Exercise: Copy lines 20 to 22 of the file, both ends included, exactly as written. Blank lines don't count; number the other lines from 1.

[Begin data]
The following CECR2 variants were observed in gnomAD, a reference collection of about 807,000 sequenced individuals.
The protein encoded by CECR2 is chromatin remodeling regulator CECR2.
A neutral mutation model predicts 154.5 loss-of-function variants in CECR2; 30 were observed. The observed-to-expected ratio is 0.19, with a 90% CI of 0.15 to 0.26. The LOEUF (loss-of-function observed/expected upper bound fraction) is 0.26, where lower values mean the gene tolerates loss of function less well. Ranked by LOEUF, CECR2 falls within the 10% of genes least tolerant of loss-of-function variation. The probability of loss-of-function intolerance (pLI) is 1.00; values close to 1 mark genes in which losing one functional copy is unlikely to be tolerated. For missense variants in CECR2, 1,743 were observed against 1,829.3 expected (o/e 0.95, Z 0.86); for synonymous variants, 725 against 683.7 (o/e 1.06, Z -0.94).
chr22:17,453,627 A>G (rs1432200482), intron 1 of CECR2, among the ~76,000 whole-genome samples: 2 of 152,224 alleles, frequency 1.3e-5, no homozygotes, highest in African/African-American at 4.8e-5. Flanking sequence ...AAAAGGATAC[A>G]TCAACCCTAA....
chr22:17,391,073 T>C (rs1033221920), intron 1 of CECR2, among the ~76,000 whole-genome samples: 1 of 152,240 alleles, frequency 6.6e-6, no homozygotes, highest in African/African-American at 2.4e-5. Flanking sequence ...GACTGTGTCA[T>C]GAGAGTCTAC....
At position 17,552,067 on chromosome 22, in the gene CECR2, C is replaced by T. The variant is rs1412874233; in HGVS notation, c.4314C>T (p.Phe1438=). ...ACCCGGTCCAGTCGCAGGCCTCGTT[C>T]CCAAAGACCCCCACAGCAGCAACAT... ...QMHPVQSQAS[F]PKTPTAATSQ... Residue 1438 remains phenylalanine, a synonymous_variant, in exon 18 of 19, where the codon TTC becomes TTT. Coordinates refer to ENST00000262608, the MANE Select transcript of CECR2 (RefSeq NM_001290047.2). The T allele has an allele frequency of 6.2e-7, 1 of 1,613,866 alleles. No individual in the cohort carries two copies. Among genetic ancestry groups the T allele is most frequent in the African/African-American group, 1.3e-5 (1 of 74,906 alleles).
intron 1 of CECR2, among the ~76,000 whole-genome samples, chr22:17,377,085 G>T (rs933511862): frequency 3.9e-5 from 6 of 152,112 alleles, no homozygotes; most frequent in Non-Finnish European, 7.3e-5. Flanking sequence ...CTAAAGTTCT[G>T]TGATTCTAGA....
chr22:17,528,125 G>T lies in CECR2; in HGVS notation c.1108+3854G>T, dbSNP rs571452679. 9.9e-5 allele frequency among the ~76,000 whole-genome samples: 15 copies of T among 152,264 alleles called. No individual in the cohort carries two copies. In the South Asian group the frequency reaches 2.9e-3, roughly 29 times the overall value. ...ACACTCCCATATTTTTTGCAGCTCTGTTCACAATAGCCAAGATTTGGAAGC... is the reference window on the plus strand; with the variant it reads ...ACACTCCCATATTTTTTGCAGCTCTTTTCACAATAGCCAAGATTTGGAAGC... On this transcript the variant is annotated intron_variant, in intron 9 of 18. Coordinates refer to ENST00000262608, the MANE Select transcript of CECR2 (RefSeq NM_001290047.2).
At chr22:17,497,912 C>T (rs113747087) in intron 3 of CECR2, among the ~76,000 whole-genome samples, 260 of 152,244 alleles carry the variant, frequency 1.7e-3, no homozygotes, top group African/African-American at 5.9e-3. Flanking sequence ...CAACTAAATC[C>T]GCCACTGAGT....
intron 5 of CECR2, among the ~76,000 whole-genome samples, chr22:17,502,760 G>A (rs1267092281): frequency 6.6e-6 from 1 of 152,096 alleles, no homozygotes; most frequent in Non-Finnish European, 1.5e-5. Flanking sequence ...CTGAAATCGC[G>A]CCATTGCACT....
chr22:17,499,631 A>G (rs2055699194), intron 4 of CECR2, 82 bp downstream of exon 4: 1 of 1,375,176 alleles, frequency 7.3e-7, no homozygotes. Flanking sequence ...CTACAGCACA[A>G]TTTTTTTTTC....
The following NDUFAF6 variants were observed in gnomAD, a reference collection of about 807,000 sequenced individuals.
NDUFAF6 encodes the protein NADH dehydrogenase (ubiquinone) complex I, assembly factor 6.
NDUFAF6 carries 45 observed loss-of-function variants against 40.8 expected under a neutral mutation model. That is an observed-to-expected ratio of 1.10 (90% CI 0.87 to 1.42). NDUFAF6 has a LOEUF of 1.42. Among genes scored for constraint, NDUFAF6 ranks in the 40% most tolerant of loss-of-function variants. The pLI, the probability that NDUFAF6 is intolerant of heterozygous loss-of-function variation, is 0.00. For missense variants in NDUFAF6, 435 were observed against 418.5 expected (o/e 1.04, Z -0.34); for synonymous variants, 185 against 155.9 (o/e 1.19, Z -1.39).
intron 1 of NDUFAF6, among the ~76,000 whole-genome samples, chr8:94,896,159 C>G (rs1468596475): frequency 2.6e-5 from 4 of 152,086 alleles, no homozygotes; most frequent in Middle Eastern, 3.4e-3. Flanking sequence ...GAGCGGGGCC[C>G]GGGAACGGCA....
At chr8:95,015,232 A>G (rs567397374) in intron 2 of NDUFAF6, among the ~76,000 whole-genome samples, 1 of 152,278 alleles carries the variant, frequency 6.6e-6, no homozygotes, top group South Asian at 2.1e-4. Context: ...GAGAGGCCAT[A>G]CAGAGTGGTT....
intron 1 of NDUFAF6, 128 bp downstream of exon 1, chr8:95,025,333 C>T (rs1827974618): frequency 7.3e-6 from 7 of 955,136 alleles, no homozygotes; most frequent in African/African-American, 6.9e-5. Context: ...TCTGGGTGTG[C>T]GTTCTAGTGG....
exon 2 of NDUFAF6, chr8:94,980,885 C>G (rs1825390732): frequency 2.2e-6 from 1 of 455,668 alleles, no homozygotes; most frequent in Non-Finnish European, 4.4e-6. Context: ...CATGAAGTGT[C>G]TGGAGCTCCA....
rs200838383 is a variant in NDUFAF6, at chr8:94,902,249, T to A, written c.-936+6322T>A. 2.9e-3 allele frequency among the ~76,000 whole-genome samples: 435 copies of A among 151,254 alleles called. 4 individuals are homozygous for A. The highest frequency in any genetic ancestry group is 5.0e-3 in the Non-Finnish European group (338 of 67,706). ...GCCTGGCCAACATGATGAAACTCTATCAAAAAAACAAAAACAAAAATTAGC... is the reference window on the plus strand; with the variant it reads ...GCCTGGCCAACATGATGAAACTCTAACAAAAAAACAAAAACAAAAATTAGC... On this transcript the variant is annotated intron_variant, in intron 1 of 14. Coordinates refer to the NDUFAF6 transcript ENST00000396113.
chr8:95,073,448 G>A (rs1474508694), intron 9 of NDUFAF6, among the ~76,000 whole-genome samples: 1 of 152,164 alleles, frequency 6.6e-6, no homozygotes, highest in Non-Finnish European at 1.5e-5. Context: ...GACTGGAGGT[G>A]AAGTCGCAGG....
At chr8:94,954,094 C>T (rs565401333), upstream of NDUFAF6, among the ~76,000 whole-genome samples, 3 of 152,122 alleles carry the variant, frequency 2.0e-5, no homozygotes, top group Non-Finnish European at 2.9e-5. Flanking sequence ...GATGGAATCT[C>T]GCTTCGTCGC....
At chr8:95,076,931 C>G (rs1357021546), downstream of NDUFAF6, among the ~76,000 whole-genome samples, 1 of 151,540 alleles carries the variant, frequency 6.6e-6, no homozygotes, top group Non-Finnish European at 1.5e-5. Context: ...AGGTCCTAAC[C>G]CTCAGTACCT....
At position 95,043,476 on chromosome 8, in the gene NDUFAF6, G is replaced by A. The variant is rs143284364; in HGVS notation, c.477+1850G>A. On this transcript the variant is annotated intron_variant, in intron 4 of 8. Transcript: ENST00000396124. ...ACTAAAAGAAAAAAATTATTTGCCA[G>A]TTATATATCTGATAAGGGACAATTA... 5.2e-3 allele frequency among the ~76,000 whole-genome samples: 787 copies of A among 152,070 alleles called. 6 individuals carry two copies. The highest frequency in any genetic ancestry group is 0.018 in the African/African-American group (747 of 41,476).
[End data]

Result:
chr8:95,073,448 G>A (rs1474508694), intron 9 of NDUFAF6, among the ~76,000 whole-genome samples: 1 of 152,164 alleles, frequency 6.6e-6, no homozygotes, highest in Non-Finnish European at 1.5e-5. Context: ...GACTGGAGGT[G>A]AAGTCGCAGG....
At chr8:94,954,094 C>T (rs565401333), upstream of NDUFAF6, among the ~76,000 whole-genome samples, 3 of 152,122 alleles carry the variant, frequency 2.0e-5, no homozygotes, top group Non-Finnish European at 2.9e-5. Flanking sequence ...GATGGAATCT[C>T]GCTTCGTCGC....
At chr8:95,076,931 C>G (rs1357021546), downstream of NDUFAF6, among the ~76,000 whole-genome samples, 1 of 151,540 alleles carries the variant, frequency 6.6e-6, no homozygotes, top group Non-Finnish European at 1.5e-5. Context: ...AGGTCCTAAC[C>G]CTCAGTACCT....